Over the past few month, a trend has started that we really hope won’t continue for much longer. Chevrolet Corvette sales. They’re dropping, despite even some pretty good factory incentives. For example, as GM Authority first reported, US market Corvette sales were down in April by 12.3 percent compared to the same month in 2016. In the first four months of this year alone, Corvette sales dropped by 10 percent. But in Canada, for the second month in a row, America’s sports car continues to sell decently well.
Canadian Corvette sales were up 56.6 percent last month compared to the same month the year prior. In fact, the first five months of 2017 saw Corvette sales increase by 39.7 percent for a total of 978 units in the Great White North. Although 11,095 Corvettes were sold during that same period in the US, that’s actually a decrease by 9 percent compared to 2016. So, what can we take away from these numbers? For starters, what’s obvious is that despite the Corvette being a niche model, it’s doing decently well in Canada and we’re sure GM is satisfied. As far as the US market goes, there could be a few reasons explaining the sales drop. One, the arrival of the C8, which could be previewed as early as this January at Detroit.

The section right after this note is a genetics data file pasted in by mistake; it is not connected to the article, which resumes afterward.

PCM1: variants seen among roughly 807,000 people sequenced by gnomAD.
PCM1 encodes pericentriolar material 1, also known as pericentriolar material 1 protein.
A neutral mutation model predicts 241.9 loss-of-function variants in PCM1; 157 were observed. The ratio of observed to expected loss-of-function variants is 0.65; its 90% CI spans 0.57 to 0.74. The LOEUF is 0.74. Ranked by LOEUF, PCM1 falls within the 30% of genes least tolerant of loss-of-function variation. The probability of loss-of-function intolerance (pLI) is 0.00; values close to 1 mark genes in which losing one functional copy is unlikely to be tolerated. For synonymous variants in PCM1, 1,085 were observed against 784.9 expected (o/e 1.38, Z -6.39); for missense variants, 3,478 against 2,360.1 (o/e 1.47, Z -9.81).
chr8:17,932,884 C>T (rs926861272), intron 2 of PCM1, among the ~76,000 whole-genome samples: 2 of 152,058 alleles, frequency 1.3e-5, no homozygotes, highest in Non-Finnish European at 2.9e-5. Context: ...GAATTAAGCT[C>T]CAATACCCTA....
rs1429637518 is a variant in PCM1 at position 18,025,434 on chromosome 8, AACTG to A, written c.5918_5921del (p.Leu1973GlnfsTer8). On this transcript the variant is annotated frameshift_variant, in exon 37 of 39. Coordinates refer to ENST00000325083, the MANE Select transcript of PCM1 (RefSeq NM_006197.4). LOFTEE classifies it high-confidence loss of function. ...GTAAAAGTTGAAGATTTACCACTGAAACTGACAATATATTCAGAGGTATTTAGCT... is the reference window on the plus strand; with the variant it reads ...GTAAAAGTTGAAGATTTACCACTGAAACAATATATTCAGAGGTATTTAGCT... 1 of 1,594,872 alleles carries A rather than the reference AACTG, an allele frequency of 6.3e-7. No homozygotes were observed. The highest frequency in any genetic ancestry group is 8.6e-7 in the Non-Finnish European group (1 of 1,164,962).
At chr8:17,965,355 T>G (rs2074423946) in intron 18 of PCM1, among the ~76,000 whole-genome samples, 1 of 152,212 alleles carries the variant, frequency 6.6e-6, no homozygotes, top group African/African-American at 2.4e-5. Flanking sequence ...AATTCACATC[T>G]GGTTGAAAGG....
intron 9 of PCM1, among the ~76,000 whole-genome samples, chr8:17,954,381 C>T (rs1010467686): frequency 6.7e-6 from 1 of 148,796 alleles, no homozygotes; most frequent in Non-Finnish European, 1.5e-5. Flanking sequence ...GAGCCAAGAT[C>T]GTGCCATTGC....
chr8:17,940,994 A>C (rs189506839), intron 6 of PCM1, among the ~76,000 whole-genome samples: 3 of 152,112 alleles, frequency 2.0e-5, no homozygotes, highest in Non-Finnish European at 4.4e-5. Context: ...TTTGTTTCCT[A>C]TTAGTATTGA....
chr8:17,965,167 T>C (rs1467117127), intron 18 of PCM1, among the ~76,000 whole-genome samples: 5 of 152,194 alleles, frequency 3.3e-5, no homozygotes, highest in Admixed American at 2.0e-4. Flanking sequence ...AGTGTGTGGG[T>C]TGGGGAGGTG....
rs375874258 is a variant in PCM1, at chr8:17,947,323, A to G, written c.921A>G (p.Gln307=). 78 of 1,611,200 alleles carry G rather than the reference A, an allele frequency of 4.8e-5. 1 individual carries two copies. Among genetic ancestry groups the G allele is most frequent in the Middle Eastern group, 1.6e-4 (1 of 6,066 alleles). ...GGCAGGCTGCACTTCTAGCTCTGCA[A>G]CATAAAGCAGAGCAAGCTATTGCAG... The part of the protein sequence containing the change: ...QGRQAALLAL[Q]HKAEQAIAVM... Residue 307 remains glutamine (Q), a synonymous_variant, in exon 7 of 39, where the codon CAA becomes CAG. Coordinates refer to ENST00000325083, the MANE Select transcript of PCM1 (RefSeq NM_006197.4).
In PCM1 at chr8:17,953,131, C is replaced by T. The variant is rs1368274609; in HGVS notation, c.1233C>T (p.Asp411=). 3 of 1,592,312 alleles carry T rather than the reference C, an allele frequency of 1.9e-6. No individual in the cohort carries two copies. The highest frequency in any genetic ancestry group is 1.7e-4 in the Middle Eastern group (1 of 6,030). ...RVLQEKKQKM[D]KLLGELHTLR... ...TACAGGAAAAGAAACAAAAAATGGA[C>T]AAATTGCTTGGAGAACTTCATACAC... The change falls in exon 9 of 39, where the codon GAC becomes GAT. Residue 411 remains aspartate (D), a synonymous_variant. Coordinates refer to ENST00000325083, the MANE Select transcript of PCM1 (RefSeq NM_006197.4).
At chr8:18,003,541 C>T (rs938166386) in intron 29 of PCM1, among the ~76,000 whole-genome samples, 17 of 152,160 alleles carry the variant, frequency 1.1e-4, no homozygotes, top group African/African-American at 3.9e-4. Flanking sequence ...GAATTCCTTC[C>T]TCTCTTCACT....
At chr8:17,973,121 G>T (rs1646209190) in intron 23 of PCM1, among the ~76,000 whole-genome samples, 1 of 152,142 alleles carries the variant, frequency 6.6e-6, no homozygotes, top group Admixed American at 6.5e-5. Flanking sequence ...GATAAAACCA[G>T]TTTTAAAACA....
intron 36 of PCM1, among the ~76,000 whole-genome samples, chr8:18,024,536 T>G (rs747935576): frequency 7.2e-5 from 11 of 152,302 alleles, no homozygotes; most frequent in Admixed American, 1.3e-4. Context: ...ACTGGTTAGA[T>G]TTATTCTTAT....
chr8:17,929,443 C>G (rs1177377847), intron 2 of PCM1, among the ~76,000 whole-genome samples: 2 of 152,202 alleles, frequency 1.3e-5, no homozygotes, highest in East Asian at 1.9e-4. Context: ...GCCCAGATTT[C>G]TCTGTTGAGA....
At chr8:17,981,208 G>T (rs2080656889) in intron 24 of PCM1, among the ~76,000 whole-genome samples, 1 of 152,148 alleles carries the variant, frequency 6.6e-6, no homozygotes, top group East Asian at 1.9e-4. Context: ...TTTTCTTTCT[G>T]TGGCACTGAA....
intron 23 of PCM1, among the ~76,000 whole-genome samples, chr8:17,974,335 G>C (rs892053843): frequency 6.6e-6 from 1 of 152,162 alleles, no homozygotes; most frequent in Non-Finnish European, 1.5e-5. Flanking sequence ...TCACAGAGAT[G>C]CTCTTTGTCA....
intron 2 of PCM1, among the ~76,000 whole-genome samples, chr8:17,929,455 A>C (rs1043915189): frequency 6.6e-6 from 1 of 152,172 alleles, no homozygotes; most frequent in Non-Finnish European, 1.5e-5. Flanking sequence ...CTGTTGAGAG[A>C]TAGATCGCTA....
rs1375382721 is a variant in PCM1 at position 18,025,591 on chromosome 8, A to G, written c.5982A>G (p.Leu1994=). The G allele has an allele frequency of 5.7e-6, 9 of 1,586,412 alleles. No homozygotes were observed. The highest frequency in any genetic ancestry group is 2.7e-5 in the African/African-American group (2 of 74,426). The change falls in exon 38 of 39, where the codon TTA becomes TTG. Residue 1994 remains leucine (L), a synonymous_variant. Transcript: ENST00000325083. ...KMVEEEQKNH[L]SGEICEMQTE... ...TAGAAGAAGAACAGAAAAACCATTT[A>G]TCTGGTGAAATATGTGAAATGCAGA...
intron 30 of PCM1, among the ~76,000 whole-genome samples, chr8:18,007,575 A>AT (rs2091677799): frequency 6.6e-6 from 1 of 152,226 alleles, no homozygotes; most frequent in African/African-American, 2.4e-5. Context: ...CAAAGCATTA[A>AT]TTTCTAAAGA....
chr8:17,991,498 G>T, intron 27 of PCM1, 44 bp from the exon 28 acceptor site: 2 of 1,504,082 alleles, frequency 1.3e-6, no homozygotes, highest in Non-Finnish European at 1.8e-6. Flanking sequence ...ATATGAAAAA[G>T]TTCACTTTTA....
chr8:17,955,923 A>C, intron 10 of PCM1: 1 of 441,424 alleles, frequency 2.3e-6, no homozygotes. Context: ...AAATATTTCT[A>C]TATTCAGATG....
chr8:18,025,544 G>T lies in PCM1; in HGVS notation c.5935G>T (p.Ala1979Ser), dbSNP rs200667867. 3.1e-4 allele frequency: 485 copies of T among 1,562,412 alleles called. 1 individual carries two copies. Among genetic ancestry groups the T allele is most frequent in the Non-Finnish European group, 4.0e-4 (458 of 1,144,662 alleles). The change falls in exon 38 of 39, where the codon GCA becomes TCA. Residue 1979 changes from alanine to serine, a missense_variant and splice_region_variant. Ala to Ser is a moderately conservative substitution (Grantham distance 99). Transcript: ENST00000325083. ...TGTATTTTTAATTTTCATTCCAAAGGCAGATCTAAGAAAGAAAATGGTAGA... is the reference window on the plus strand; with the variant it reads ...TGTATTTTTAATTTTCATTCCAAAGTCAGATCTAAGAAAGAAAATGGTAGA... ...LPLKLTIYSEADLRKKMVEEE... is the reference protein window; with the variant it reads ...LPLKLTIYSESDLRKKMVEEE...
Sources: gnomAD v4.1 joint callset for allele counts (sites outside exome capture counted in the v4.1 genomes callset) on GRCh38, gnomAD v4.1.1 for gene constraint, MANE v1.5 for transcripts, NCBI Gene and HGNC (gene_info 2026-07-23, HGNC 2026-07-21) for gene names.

Two, there’s simply not enough people who either want to buy their first one or replace their current Vette (despite generous trade-in deals for existing owners). Third, and this might be somewhat controversial, the C7 Corvette could be getting a little long in the tooth, even though it only went on sale in 2014. Yes, it’s been updated since and, yes, high performance variants like the Grand Sport and Z06 have launched, but all of that alone may not be enough. Just look at the pace Porsche manages to keep its 911 fresh with new variants seemingly being revealed consistently. Perhaps it’s time for Chevrolet to rethink its entire Corvette strategy, especially before the C8 arrives. Fix the problem before it becomes an irreversible one.